(4) Next, the long-burst-affected subblocks are processed through the two-level ECC algorithm. Note that any conventional errors in these subblocks outside the parity overlay range have contributed to the parity byte syndromes. When the parity byte syndromes were overlaid in step 3, these errors in the parity byte syndromes created errors in the parity overlay range OR as images of the conventional errors. FIGS. 4A-4D illustrate various error conditions under which imaged errors are correctable:

FIG. 4A shows a conventional error e in the affected subblock which becomes a parity error in the corresponding parity group and becomes an image error e' in the long burst area in the overlay range OR. This error pair, the conventional error e and its image error e' in the same subblock, is correctable by second level decoding in the two-level ECC.

FIG. 4B shows the case where the conventional error e and its image error e' appear in adjacent subblocks. In this case the error pair is corrected by the first-level processing of the two adjacent subblocks.

FIG. 4C shows the case where conventional errors e1 and e'2 in the parity bytes appear as image errors e'1 and e'2 in the same subblock. These errors are corrected by decoding the affected subblock through second level correction.

FIG. 4D shows the case where conventional errors e1 and e2 in the parity bytes appear as image errors e'1 and e'2 in adjacent subblocks. These errors are corrected by decoding the affected subblocks through first level correction.

In operation, first-level correction as described above is applied iteratively to the long-burst-affected subblocks until each has been corrected or found non-correctable at first level. If one subblock remains uncorrected after this processing, the block check bytes can be used and second level correction applied as described in the cited prior art.

(5) After all corrections are applied, the correction is verified from the condition of the adjusted CRC syndromes as described in the cited prior art.

The error-correcting capability of the algorithm in this invention can be generally summarized as follows:

A. When long-burst error correction is not required, the correction capability of the two-level code is unaffected.

B. When long-burst error correction is required, the errors can be corrected provided that all of the following conditions are satisfied:

(i) The long-burst is not longer than the parity byte overlay range.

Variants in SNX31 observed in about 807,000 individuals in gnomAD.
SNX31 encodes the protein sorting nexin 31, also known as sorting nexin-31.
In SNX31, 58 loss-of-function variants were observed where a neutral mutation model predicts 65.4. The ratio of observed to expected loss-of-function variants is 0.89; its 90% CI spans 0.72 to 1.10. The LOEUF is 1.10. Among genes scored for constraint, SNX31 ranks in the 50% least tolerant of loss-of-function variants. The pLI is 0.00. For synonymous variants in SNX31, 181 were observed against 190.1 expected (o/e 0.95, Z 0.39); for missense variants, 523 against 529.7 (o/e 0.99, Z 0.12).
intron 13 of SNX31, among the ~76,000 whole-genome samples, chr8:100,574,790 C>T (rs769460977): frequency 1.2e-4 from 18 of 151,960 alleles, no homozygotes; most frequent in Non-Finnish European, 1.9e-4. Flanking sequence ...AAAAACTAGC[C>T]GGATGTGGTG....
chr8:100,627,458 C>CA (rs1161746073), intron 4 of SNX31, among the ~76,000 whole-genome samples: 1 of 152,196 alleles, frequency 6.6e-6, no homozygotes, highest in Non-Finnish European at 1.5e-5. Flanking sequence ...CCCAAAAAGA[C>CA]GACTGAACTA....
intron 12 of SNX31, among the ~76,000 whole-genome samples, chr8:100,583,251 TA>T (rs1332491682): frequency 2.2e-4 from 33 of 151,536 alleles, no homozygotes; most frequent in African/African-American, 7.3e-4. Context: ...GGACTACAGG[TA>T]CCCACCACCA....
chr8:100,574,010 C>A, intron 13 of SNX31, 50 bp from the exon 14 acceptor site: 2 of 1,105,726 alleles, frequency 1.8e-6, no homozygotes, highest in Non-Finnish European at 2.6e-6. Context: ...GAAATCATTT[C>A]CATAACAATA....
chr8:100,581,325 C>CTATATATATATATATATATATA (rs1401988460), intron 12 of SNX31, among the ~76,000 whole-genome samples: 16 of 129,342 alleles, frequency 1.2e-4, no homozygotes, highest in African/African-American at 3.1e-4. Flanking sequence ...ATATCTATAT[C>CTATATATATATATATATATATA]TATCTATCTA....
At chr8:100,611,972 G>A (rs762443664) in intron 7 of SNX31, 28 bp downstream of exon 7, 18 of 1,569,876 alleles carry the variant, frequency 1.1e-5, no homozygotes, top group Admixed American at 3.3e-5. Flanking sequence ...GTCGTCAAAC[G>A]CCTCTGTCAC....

(ii) The conventional errors in each subblock are within the first level capability of the two-level ECC.

(iii) If the long-burst error affects more than one subblock, only one of these long-burst-affected subblocks has conventional errors.

(iv) If the parity bytes are affected by conventional errors, the long-burst-affected subblocks do not have any conventional errors.

Note that N may exceed the length of one subblock without impairing correction capability.

It should also be noted that the two-level ECC structure disclosed in the cited patents could be rstructured to provide N-way (instead of two-way) interleaving of codewords; but, using this approach, the cost to enable correction of up to N consecutive bytes in error in a long-burst error would be prohibitive. With applicants' method and system, however, which involves appending the N parity bytes, up to N consecutive bytes in error can be corrected more cheaply and expeditiously; and the selected value of N can be increased without significant increase in complexity and cost.

While the invention has been described in connection with a preferred embodiment thereof, it will be understood that the foregoing and other changes may be made in the method and system herein disclosed. The embodiment illustrated is therefore to be considered merely illustrative and the invention is not to be considered limited except as specified in the claims.

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Classifications
U.S. Classification714/758, G9B/20.054, 714/765, 714/762
International ClassificationH03M13/00, G11B20/18, G06F11/10
Cooperative ClassificationG11B20/1866
European ClassificationG11B20/18E
Legal Events
DateCodeEventDescription
Sep 20, 2001FPAYFee payment
Year of fee payment: 12
Sep 2, 1997FPAYFee payment
Year of fee payment: 8
Jul 15, 1993FPAYFee payment
Year of fee payment: 4
Sep 21, 1988ASAssignment
Owner name: INTERNATIONAL BUSINESS MACHINES CORPORATION, ARMON
Free format text: ASSIGNMENT OF ASSIGNORS INTEREST.;ASSIGNORS:EGGENBERGER, JOHN S.;HODGES, PAUL;PATEL, ARVIND M.;REEL/FRAME:004950/0251
Effective date: 19880916
Free format text: ASSIGNMENT OF ASSIGNORS INTEREST;ASSIGNORS:EGGENBERGER, JOHN S.;HODGES, PAUL;PATEL, ARVIND M.;REEL/FRAME:4950/251
Free format text: ASSIGNMENT OF ASSIGNORS INTEREST;ASSIGNORS:EGGENBERGER, JOHN S.;HODGES, PAUL;PATEL, ARVIND M.;REEL/FRAME:004950/0251